Do species tend to move into the tropics from other locations? If so, it would help explain the LDG. Paleontologists would love to know the answer to this question. Unfortunately, they haven’t yet been able to figure it out. The problem is that the fossil record can be a bit biased. Here’s why:
- First, fossilization is more likely in some environments than others — and tropical ecosystems often leave behind a poor fossil record.
- Second, scientists have spent a lot more time collecting fossils from non-tropical ecosystems than from tropical ones — not because they were intentionally biased, but because the non-tropical fossils are easier for many paleontologists to get to and find.
All of this means that we have a much better fossil record of temperate organisms than of tropical ones.
Studying life’s history would be lots easier if we could just ignore this potential bias — but that’s not how science operates. Science aims to build our knowledge of how the world really works, and that means that we have to eliminate biases or take potential biases into consideration when testing our hypotheses. Scientists try to take unavoidable biases into account by figuring out how they are likely to affect the outcomes of their tests.
You can try this for yourself. Imagine that you are interested in a particular clam species. You want to know if it first evolved somewhere else and then moved into the tropics, where it now lives. You study its fossil record and find that its oldest known fossil is from non-tropical rocks. Does this mean that the species first evolved in a non-tropical region and then moved into the tropics? Maybe — but maybe not. Remember that we are dealing with a bias that makes us less likely to find fossils from tropical rocks. It’s possible that the clam actually evolved in a tropical region, but we don’t know it because the clam didn’t get fossilized in that environment or we haven’t yet found the older tropical fossil.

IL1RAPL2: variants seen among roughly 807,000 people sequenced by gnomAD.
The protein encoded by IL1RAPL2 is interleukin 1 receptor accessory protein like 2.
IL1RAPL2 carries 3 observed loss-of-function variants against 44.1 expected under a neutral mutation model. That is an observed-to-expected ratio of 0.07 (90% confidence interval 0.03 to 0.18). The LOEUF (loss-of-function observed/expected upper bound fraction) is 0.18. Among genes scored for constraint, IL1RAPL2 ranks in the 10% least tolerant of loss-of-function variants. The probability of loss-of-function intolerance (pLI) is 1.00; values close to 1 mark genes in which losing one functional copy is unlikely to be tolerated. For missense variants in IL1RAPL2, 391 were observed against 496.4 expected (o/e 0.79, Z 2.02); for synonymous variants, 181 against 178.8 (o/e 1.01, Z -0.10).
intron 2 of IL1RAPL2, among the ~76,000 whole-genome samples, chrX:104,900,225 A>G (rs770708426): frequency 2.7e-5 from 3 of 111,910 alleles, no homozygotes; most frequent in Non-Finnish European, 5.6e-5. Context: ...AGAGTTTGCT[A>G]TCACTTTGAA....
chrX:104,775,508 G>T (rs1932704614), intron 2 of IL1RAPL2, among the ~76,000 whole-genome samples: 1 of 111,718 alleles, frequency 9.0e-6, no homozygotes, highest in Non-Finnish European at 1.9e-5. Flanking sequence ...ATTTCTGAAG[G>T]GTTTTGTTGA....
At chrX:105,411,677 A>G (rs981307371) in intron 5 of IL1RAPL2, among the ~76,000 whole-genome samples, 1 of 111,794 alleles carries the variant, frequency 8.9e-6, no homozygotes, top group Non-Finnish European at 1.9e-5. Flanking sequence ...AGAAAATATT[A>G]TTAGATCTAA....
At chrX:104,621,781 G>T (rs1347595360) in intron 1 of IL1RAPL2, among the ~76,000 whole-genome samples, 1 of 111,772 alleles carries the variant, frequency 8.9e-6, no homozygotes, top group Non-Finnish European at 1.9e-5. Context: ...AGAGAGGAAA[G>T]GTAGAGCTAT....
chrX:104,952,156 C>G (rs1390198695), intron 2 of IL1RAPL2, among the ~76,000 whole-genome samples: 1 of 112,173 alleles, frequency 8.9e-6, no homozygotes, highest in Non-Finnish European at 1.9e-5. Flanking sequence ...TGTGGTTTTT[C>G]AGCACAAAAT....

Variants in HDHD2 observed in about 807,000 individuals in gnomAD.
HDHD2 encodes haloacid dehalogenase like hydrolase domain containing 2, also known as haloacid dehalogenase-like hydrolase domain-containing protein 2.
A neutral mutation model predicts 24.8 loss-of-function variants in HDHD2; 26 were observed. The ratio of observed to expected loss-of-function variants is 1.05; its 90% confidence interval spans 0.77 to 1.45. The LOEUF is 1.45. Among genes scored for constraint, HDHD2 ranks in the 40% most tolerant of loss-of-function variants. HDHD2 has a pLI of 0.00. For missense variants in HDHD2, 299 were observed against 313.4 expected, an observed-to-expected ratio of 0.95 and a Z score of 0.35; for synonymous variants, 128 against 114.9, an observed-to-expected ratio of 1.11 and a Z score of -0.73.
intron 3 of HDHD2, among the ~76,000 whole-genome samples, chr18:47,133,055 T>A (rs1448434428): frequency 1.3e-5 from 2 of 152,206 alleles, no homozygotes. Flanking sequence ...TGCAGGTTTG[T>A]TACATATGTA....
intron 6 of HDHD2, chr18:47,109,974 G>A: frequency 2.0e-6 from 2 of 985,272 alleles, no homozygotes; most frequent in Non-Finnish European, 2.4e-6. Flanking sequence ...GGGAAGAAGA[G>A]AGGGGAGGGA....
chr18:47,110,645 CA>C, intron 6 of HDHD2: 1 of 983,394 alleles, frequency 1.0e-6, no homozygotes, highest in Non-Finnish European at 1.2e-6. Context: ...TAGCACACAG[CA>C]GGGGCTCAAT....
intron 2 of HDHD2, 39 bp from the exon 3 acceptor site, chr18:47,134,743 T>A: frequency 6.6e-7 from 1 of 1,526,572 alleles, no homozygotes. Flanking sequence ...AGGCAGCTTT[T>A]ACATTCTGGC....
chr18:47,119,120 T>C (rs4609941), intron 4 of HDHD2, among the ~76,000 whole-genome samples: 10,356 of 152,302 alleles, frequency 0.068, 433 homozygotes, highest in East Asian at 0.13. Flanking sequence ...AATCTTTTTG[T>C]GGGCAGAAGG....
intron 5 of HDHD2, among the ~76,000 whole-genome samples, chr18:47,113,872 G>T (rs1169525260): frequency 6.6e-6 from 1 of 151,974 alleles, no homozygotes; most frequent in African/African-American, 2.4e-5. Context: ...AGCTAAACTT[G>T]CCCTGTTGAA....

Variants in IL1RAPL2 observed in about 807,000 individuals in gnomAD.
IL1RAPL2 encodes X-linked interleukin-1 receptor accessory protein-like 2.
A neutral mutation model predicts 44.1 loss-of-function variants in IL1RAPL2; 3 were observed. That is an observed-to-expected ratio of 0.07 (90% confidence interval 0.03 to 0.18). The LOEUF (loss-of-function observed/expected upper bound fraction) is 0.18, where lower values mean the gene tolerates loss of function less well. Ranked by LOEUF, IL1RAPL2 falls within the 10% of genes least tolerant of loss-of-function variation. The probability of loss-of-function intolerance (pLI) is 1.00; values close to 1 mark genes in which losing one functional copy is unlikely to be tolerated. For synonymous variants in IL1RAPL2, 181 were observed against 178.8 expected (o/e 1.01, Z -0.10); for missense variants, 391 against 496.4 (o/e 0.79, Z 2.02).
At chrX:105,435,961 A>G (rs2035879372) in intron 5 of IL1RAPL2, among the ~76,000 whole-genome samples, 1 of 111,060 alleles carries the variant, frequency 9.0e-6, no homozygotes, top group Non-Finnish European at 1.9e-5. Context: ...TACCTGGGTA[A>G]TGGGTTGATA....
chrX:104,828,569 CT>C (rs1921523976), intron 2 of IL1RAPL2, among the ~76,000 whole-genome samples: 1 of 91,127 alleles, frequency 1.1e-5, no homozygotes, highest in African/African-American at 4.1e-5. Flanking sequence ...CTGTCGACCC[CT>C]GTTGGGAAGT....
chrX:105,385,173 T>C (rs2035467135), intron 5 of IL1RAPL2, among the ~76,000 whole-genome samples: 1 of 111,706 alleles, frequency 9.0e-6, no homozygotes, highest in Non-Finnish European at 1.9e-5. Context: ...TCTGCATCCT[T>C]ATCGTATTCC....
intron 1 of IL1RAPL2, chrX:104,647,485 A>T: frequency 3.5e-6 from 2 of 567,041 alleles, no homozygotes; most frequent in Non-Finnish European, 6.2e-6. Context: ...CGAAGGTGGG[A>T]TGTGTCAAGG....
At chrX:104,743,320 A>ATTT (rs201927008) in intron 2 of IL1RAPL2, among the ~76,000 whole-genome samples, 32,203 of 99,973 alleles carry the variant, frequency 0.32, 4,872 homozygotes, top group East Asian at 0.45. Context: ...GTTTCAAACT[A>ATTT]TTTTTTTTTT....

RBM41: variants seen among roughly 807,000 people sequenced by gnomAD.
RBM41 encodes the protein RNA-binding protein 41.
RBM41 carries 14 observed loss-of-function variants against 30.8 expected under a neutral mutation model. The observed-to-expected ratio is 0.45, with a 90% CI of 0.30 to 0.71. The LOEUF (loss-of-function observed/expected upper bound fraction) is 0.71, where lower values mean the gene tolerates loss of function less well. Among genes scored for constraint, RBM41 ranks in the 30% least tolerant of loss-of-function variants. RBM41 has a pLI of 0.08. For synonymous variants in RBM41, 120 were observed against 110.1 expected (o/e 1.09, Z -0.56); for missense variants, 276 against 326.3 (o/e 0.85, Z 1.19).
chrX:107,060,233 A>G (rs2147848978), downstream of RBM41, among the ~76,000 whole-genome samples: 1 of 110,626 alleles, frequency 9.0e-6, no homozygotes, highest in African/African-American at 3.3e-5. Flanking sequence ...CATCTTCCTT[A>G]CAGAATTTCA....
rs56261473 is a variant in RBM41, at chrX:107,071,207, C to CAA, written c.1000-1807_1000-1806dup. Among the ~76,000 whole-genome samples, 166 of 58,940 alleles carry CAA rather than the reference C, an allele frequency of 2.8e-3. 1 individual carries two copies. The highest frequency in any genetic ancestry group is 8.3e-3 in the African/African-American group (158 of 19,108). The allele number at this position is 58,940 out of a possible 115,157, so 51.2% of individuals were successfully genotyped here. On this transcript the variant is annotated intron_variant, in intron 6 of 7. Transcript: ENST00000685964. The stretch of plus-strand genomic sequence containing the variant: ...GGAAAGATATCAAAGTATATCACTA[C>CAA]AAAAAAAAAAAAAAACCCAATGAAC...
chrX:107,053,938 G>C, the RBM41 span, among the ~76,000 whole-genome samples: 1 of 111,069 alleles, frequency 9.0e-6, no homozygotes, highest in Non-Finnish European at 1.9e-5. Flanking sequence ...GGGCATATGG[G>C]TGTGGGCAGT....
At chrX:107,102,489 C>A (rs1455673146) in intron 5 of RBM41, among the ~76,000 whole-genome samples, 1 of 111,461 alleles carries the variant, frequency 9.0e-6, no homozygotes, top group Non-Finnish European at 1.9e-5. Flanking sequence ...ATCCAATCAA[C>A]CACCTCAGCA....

The anti-tropical bias makes it very difficult for us to know for sure that an organism first evolved outside of the tropics and only later moved into the tropics. And that means that we can’t fairly evaluate the destination hypothesis; we just don’t have the sort of data we’d need to test it. This is not uncommon in science, but luckily, as scientists keep working on the problem, they often come up with different ways to test an idea.
Find out how the anti-tropical bias in the fossil record might have affected our evaluation of the cradle hypothesis in Bias and the cradle hypothesis.